Wednesday, November 23, 2011
Understanding limitations is a very important essential in fly-fishing and life in general. The most common limitations to a fly-fisherman are gear limitations, time limitations, and location limitations.
Today I will talk about:
Intro to Gear Limitations: What matters?
Limitations on gear can be very discouraging. The biggest, the best, and the newest gear is expensive and often inaccessible to the average beginners skills and pocketbook. Therefore, I have learned to find value in fly-fisherman that can cast any rod and line skillfully enough to catch fish on whatever body of water they are presented with. However, the secret that most people do not talk about is that catching a fish often has more to do with the size of your tippet than the size of your rod, the distance of your cast, or the money you spent on all of the above!
Fun Suggestion for Beginners: No matter what your gear you have access to, go out and spend one hour in a wide open park and just cast for fun. Listen and observe. Pay attention to your body movements and the effect on the rod and line. If you walk away after an hour and know even one type of movement that tangles your line, consider it a victory!
Fun Suggestion for "Experts": Just in case you haven't done this in a long time, go and find the most inexpensive, and overall worst rod you can find - the more cracks, dead-spots, missing snake guides, etc... the better. Put on whatever line weight you wish, or maybe just a piece of rope, and cast it for an hour. The results are fantastic. I enjoy doing this every once and a while to keep myself humble, keep gear in perspective, and to gain a more intimate feel for the art of fly-fishing.
Just like in music, it is not the instrument that plays the music. It is the soul that an artist can bring out of any instrument that makes the music what it is.
'till next time...
Thursday, November 10, 2011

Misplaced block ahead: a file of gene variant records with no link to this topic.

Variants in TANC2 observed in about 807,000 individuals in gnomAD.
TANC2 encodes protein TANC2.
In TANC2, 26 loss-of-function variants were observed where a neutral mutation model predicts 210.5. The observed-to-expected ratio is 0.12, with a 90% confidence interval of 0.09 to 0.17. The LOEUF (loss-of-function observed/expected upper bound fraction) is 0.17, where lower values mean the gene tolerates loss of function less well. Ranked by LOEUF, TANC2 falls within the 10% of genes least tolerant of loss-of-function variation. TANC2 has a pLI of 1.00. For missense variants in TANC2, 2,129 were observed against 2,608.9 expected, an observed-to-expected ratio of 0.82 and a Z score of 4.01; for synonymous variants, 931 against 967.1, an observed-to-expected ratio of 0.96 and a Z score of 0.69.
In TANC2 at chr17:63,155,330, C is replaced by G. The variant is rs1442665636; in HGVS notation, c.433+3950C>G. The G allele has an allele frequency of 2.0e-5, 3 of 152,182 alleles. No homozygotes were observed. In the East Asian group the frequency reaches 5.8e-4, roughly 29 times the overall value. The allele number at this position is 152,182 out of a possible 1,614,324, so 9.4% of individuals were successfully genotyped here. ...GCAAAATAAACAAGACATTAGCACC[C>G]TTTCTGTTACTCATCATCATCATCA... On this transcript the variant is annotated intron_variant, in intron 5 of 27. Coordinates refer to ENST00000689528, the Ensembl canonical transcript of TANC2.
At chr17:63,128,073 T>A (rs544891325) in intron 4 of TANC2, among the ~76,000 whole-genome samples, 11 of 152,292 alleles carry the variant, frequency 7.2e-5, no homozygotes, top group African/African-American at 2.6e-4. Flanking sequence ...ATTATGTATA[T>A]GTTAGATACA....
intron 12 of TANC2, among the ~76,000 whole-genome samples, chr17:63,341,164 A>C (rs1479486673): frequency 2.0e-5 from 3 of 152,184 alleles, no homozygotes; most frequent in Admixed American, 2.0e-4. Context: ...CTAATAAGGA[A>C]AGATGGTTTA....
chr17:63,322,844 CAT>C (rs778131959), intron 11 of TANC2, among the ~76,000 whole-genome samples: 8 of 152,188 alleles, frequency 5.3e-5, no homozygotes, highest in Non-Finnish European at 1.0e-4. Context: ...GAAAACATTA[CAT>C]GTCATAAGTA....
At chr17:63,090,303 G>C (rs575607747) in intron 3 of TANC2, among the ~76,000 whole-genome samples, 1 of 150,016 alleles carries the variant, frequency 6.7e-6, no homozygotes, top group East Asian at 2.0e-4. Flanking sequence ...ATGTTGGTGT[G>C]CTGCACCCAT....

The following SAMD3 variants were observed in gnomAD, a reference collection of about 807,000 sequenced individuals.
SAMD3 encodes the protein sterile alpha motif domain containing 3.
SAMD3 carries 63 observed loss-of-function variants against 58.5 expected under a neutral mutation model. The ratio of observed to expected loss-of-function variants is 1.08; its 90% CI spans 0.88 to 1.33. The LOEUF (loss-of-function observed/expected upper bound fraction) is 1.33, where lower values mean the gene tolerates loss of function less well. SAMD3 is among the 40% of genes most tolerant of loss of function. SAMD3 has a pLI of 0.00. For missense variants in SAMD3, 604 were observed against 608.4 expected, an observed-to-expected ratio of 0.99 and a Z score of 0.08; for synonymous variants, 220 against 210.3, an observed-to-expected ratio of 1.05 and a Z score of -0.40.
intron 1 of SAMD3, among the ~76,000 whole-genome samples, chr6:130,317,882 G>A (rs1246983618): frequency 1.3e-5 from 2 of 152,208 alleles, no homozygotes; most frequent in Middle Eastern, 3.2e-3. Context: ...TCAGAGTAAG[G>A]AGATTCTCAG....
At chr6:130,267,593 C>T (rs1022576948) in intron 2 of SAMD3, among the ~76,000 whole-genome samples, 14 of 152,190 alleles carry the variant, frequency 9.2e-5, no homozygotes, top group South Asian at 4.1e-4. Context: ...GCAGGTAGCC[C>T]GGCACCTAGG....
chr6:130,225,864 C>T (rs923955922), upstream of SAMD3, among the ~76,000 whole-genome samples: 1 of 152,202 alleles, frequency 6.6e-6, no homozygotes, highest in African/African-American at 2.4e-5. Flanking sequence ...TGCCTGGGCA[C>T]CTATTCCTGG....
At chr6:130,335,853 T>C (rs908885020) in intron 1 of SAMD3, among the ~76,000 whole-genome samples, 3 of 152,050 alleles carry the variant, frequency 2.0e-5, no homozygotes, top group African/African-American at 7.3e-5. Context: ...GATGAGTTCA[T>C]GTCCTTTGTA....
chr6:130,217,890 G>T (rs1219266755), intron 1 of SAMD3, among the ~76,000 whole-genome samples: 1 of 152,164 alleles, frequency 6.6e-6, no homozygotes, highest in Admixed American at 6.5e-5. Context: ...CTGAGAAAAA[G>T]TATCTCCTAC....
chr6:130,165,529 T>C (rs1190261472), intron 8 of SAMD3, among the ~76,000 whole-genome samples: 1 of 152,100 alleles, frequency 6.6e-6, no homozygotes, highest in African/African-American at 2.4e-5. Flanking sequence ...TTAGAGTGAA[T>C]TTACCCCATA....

|"Run To The Sea" By Thomas Aquinas Daly|
If you are a fly-fisherman, hunter, or lover of the outdoors, it is well worth your time to research the work of artist Thomas Aquinas Daly. But if you are a fly-fisherman in Western New York, Southern Ontario, or the Northeastern US, Thomas Aquinas Daly's "The Painting Season" is a must-have.
Daly's work has a distinct intimacy and dream-like atmosphere that demonstrates his passion for fly-fishing. He also provides anecdotes that highlight his deep knowledge of each stream he portrays. Any outdoor photographer or painter will be captivated by the path that he has set out for future generations.
Tuesday, November 8, 2011
|Photo by Adam Kryder with a Rollei 35s|
Call me old school, but it is not the gear that makes the fisherman, but the fisherman that brings life to the gear.
Becoming a fly-fisherman that knows how to bring the beauty out of any gear - no matter what the conditions - is a desirable feat. Knowing our limitations and learning how to excel within them is the greatest reward.
In the spirit of being an eternal student of fly-fishing who is constantly adapting to the shape-shifting face of Mother Nature, I am happy to introduce The Stream Life Journal Original Series: Perspectives on Beginning to Fly-Fish.
The purpose of this ongoing series is to demystify gear buying, and promote down-to-earth knowledge to make fly-fishing accessible to everyone. From boots to tippet, and rods to eye-wear, I will address every aspect of fly-fishing that continues to surprise and humble me each day on and off-the-stream.
In my next post from the Perspectives on Beginning to Fly Fish Series, I will begin with some thoughts on limitations and how they continue to drive us to excel.
I hope you enjoy!
Saturday, November 5, 2011
Friday, November 4, 2011
|Autumn Sunset in Dalian, China 2009|
I believe that Poetry and Fly-Fishing are often intertwined. So, I begin this blog with a poem that is very relevant to me and hopefully my readers as well. Here is one for the road. I hope you enjoy...
"A Traveler's Night"
A traveler's sleep never arrives,
yet the autumnal sky refuses to dawn.
I roll up the curtain and see a shadow of leftover moon,
stack my pillows high and listen to the far off river.
I'm at my wit's end for clothes and food.
At road's end my life depends on friends.
My old wife has brushed many letters to me
and knows the emotion of this unreturned traveler.
-Written By Du Fu (712-770)
source: "The Anchor Book of Chinese Poetry"
edited by Tony Barnstone and Chou Ping